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After throwing $3$ dice, we know that on every die there is a different number. What is the probability that there is a $6$ on exactly one dice?


I figured that P(A) - we get 6 on some dice, P(B) - different number on every dice. Then $$P(B)=\dfrac{6∗5∗4}{6^3}\text{ and } P(A\cap B)=\dfrac{1*5*4}{6^3}$$

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  • $\begingroup$ What have you tried? $\endgroup$ – lulu Mar 22 at 10:38
  • $\begingroup$ This should be solvable by direct applications of definitions. If you ignore conditional probability for now, can you find the probability all dice show something different? Can you find the probability that all dice show something different and none of them show a 6? Having done those steps, do you see how to continue? $\endgroup$ – JMoravitz Mar 22 at 10:42
  • $\begingroup$ I figured that P(A) - we get 6 on some dice, P(B) - different number on every dice. Then $$P(B)=\frac{6*5*4}{6^3}$$ and $$ P(A∩B) = \frac{1*5*4}{6^3}$$ $\endgroup$ – NotStudent Mar 22 at 10:44
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    $\begingroup$ You already know that after throwing them there will be a different number on each and every dice. Right? Then the number of elements in the sample space is $6 \times 5 \times 4 = 120$ instead of $6^3 = 216.$ $\endgroup$ – Dbchatto67 Mar 22 at 10:49
  • $\begingroup$ As an aside, your recent edit changing the phrase "on some die" to "exactly one die" makes no difference to the problem since given that all dice show different results it is clear that if a six appears at all it could only be for exactly one die. $\endgroup$ – JMoravitz Mar 22 at 15:26
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The required probability is $$\frac {\binom 3 1 \times 5 \times 4} {6 \times 5 \times 4} = \frac 3 6 = \frac 1 2.$$

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  • $\begingroup$ I don't understand the $$ \binom 3 1$$ part. I did it like this: $$P(A|B) = \frac{P(A∩B}{P(B)} = \frac{1}{6}$$. What's wrong with my method? $\endgroup$ – NotStudent Mar 22 at 11:00
  • $\begingroup$ $\binom 31$ counts the ways to select which die shows a six. $5\times 4$ shows the ways to select and arrange two distinct values (from the remaining five faces) for the other two dice. And $6\times 5\times 4$ counts the ways to select and arrange 3 distinct values (from the six faces) for the three dice. $\endgroup$ – Graham Kemp Mar 22 at 11:09
  • $\begingroup$ Your method is correct, but your evaluation of the probabilities is not. @NotStudent Ah. If you are evaluating $\mathsf P(A\cap B)$ as $(1\times 5\times 4)/6^3$ that is the probability for obtaining a '6' on a particular die(say, the 'first') and two different faces on the other two die. $\endgroup$ – Graham Kemp Mar 22 at 11:10
  • $\begingroup$ @NotStudent the $\binom 3 1$ counts the way of a choosing a die which shows up a $6.$ $\endgroup$ – Dbchatto67 Mar 22 at 11:18
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I figured that P(A) - we get 6 on some dice, P(B) - different number on every dice. Then $$P(B)=\dfrac{6∗5∗4}{6^3}\text{ and } P(A\cap B)=\dfrac{1*5*4}{6^3}$$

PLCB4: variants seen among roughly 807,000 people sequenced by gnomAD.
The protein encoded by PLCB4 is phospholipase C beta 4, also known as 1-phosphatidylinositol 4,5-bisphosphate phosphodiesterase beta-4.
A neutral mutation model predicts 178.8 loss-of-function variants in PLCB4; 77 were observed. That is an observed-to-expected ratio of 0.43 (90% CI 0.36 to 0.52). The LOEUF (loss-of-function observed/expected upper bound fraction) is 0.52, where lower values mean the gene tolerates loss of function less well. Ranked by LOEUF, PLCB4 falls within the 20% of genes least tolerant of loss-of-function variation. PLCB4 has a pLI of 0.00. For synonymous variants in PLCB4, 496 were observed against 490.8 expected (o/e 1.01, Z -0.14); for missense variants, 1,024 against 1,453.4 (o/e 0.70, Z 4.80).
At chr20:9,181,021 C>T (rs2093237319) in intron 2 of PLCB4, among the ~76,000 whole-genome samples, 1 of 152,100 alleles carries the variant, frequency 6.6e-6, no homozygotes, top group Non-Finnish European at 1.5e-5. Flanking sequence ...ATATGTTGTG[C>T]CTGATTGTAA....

Ah, no. You are evaluating $A\cap B$ as the event of selecting a '6' on a particular die and two different faces for the other two dice. You want the event of selecting a '6' and two different faces for the three dice.

Let $A$ be the event that at least one of the die shows a '6'.

Let $B$ be the event that each die shows a distinct face.

So $A\cap B$ is the event of selecting a '6' and two values from the set of five remaining, while $B$ is the event of selecting three values from the set of six.

$$\begin{align}\mathsf P(A\mid B)&=\dfrac{\mathsf P(A\cap B)}{\mathsf P(B)}\\[1ex]&=\dfrac{\binom 52}{\binom 63}\\[1ex]&=\dfrac{(5\cdot 4)/2}{(6\cdot 5\cdot 4)/(3\cdot 2)}\\[1ex]&=\dfrac{1}{2}\end{align}$$

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  • $\begingroup$ I meant that A an event that exactly one dice shows a 6 $\endgroup$ – NotStudent Mar 22 at 12:22
  • $\begingroup$ It is irrelevant. When all three dice show distinct faces, and at least one of them shows a 6, then exactly one of them shows a 6. $\mathsf P(A\mid B)$ is the same whichever interpretation of $A$ you use. $\endgroup$ – Graham Kemp Mar 23 at 0:57
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If I understood right from question and also from the discussion before. That every throw it is ensured that you get a different number (so all three different numbers). So you can get 6 only in one throw.

Probability of getting 6 in first throw is $\dfrac{1}{6}$, so it is guaranteed that next two throws there will not be any 6. So the total probability in this case is $\dfrac{1}{6}.1.1 = \dfrac{1}{6}$.

Now for getting 6 in second throw; in the first throw the required probability is $\dfrac{5}{6}$, in the second throw the probability is $\dfrac{1}{5}$ and we do not bother about the third throw (as it is guaranteed that 6 will not be there). So the total probability in this case is $\dfrac{5}{6}.\dfrac{1}{5}.1 = \dfrac{1}{6}$.

For getting 6 in third throw we have, not getting a 6 in first throw is $\dfrac{5}{6}$, not getting a 6 in second throw is $\dfrac{4}{5}$ , getting a 6 in third throw is $\dfrac{1}{4}$, so total probability is $\dfrac{5}{6}.\dfrac{4}{5}.\dfrac{1}{4} = \dfrac{1}{6}$.

So finally total probability is $\dfrac{1}{6}+\dfrac{1}{6}+\dfrac{1}{6}= \dfrac{1}{2}$

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